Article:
Organ transplant rejection in previously tolerant hosts does not lead to permanent immune memory, mouse study shows
(July 8, 2015) Rejection of transplanted organs in hosts that were previously tolerant may not be permanent, report scientists from the University of Chicago. Using a mouse model of cardiac transplantation, they found that immune tolerance can spontaneously recover after an infection-triggered rejection event, and that hosts can accept subsequent transplants as soon as a week after. This process depends on regulatory T-cells, a component of the immune system that acts as a "brake" for other immune cells. The findings, published online in Nature Communications on July 7, support inducing immune tolerance as a viable strategy to achieve life-long transplant survival.
"Transplantation tolerance appears to be a resilient and persistent state, even though it can be transiently overcome," said Anita Chong, PhD, professor of transplantation surgery at the University of Chicago and co-senior author of the study. "Our results change the paradigm that immune memory of a transplant rejection is invariably permanent."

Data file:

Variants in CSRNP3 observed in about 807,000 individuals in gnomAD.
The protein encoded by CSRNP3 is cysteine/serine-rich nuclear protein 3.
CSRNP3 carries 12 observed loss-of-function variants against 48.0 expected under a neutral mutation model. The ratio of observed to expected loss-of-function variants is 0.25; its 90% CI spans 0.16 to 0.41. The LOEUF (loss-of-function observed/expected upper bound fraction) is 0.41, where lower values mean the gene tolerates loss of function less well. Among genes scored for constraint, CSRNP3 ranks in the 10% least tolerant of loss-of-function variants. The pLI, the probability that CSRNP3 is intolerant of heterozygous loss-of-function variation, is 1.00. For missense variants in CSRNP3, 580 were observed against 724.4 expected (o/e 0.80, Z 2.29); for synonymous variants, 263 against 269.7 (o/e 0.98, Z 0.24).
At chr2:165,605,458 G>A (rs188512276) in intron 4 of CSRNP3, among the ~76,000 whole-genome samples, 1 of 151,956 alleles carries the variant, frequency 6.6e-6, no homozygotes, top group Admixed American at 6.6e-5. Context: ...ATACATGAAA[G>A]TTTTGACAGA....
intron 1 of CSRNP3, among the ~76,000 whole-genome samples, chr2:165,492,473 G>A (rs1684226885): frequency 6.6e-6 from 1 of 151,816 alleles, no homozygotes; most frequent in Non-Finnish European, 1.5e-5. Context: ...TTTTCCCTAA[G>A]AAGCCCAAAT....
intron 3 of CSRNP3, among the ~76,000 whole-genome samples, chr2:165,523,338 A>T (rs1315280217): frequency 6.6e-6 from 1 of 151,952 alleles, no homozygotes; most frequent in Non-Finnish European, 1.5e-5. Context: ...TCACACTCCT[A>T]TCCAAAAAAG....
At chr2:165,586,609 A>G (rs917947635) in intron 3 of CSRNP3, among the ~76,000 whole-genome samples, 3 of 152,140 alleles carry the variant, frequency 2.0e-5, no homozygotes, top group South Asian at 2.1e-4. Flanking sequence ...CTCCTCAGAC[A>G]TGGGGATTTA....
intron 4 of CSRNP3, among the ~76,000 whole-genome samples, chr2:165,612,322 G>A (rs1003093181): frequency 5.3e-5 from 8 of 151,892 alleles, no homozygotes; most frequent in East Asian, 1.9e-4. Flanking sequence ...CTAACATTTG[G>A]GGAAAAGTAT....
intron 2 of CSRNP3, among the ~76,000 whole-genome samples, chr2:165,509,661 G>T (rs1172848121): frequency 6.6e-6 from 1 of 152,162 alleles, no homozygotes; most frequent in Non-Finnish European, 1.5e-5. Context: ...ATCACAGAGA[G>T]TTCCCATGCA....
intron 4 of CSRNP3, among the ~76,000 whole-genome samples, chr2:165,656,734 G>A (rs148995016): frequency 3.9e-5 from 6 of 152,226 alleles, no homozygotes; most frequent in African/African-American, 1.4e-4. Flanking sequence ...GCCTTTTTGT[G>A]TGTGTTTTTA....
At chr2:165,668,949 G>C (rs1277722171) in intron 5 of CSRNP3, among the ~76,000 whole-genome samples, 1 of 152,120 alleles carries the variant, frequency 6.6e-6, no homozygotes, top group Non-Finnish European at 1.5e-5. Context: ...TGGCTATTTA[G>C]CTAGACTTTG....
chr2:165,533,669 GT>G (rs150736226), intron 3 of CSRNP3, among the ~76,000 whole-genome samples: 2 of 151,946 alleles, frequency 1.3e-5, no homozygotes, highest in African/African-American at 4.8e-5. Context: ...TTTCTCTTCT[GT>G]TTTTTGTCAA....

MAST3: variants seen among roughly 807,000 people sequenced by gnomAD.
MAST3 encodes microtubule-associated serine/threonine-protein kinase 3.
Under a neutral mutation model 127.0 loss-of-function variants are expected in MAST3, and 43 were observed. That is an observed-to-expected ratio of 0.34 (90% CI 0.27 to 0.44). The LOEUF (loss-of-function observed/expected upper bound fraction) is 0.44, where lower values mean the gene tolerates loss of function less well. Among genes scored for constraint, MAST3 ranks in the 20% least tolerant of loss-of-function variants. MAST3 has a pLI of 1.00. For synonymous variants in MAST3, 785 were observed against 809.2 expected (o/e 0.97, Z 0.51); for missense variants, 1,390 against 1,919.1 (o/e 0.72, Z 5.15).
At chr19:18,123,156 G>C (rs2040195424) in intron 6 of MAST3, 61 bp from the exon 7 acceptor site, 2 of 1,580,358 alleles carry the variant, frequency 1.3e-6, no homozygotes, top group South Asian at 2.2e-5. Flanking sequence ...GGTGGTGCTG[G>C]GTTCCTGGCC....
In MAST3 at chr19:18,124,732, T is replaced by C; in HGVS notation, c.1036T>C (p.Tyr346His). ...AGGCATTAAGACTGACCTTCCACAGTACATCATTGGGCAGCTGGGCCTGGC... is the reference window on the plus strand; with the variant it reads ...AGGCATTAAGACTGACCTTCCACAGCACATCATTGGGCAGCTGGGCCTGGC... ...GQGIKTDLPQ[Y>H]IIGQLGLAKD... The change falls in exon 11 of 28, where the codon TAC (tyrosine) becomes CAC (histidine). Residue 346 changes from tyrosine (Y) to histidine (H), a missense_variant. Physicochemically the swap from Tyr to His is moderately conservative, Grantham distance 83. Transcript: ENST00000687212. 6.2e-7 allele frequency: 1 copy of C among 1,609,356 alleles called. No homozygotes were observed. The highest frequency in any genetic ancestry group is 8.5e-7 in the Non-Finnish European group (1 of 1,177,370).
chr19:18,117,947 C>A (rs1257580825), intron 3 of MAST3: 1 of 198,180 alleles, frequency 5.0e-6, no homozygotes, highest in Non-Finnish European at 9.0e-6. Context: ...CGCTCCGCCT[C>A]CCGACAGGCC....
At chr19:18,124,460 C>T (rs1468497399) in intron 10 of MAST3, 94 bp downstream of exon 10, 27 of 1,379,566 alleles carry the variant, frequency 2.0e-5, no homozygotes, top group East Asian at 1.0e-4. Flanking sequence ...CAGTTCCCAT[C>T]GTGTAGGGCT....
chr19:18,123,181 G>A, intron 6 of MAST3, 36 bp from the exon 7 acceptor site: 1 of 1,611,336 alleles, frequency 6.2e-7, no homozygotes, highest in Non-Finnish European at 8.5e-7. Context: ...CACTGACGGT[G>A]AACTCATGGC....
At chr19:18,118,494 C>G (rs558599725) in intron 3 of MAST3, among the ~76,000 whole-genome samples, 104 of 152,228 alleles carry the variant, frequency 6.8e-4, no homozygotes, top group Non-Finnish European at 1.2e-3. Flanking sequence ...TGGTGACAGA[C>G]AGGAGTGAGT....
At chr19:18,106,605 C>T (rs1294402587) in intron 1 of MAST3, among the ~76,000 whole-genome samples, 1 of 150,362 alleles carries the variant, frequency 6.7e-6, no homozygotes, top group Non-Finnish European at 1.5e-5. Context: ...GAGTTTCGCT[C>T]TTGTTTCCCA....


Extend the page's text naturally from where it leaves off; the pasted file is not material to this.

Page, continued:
To prevent transplant rejection in patients with end-stage organ failure, a lifelong regimen of immune-suppressing drugs is almost always required. While difficult to achieve, immune tolerance -- in which a transplanted organ is accepted without long-term immunosuppression -- can be induced in some patients. However, rejection can still be triggered by events such as bacterial infection, even after long periods of tolerance. It has been assumed that the immune system remembers rejection and prevents future transplants from being tolerated.